The point is that there were no study on the theme of dignity of labour, production and scientific temperament of lower castes of India.  How scholars can cite earlier works and gives references? What Plato did to finish his ‘Republic’, What Aristotle did to complete his ‘Politics’, the same is being adopted by Ilaiah to explore firsthand knowledge from the lives of marginalized communities.  Plato wrote in dialogue form, often with Socrates as the leading speaker, to avoid committing himself to any conclusions or dictating ex cathedra to his readers whereas Aristotle’s philosophical methods are empirical, based on observation and analysis that are critical in nature.  Here, Ilaiah do not write in dialogue form as Mahatma Phule did in his ‘Slavery’ and collects primary data from his social activism, more particularly, from Telugu speaking regions.  After making detailed observation, he would proceed to make categorization and classification of facts that would compared with productive and unproductive communities.  This would be the basis of Ilaiah’s knowledge construction.

Adopting cent percentage of western methodology is usual practice in natural and biological sciences as no significant variation can be seen in the testing material.  In case of social science, it is very difficult to apply western methodology as it is as Indian society is highly complex in terms of culture and composition.  Hence, several modifications are colossally prerequisite to dwell deeper into the social enquiry.  In a way, it is the process of Indianizing the western methods.  This is what exactly done by Kancha Ilaiah to offer an alternative, native and nationalistic perspective of understanding.  It was not even done by Dr. BR Ambedkar as whose writings are mostly written with Indology.  The quest of Ambedkar was to examine the good and badness that exist in ancient scripts like Vedas, Ramayana, Mahabharata, Manusmruthi and so forth.  The unusual gaps in Ambedkar writings are lack of fieldwork, disappearance of production and labour and endlessly dependence on indological scripts.  Such scripts hardly recorded the lives of productive marginalized communities, how could a scholar explores the lives of labour and discriminated in them? This is the reason why, RSS forces are very much comfortable with Ambedkar’s writings.  When it comes to Ilaiah’s question of production, they have no answer.  So RSS and BJP wanted to give academic death to Ilaiah’s writings by dropping his books from university curricula.  This is akin situation as faced by Socrates in 399 BCE.  Ilaiah will not be another Socrates.  Let academia must demand for the plural ideas should be taught at all the Universities in order to deny the ‘unacademic move’.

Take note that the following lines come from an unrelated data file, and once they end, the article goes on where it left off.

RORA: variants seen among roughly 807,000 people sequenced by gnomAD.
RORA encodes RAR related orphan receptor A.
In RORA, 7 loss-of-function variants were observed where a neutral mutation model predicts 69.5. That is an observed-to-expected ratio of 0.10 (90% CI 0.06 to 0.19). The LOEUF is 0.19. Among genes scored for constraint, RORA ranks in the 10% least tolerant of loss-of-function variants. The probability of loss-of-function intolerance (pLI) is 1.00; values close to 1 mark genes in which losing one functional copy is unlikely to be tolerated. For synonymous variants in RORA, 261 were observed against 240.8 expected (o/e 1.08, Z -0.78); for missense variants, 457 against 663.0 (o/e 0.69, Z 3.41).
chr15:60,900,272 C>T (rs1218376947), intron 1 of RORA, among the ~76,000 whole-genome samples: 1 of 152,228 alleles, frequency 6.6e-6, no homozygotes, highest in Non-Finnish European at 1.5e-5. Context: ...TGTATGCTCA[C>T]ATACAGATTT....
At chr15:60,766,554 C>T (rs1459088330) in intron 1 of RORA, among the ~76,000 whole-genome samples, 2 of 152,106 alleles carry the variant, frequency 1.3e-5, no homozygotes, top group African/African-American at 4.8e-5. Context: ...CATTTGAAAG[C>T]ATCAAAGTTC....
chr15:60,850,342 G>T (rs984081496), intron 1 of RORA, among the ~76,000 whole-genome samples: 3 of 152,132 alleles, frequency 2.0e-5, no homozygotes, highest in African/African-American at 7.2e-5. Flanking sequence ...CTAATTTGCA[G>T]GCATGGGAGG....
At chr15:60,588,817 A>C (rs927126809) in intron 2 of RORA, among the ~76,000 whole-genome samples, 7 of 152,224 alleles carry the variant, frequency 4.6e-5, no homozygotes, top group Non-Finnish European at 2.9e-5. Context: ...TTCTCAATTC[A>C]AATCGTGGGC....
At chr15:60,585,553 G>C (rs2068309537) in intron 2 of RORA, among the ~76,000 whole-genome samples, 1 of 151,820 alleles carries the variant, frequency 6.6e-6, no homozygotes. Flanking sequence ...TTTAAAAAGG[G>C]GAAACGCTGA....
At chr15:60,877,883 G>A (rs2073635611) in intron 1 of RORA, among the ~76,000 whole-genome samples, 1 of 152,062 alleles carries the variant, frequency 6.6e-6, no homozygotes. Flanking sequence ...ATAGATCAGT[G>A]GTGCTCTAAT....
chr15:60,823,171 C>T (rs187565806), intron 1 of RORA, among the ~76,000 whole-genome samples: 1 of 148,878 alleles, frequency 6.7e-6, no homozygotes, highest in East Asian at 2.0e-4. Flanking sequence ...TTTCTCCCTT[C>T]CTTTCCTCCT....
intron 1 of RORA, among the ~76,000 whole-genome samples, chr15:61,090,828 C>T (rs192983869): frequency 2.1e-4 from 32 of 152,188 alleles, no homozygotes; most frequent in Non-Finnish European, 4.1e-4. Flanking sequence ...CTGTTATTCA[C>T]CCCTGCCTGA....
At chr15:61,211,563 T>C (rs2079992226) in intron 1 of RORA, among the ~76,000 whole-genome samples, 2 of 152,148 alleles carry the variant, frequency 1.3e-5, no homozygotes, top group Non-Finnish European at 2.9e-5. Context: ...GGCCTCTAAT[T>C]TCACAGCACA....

[1] Malvika Singh  (2018): DU Recommends Removal of Dalit Writer-Activist Kancha Ilaiah’s Books from Syllabus, News Click, October 25, 2018 available at: retrieved on 30-10-2018
[2] Lawrance Nueman (2014): Social Research Methods: Qualitative and Quantitative Approaches, Pearson Education India, New Delhi
[3] Philip Kotler and Gray Armstrong (2008): Principles of Marketing, Pearson Prentice Hall Publications, New Delhi
[4] Neera Chandole (2018): Why I am a Hindu Review: The Power of Politics as Religion, The Hindu, February 17, 2018 available at: retrieved on 03-08-2018

Dr Bheenaveni Ram Shepherd, Chairman, Board of Studies in Sociology, Osmania University, Hyderabad-07. [email protected]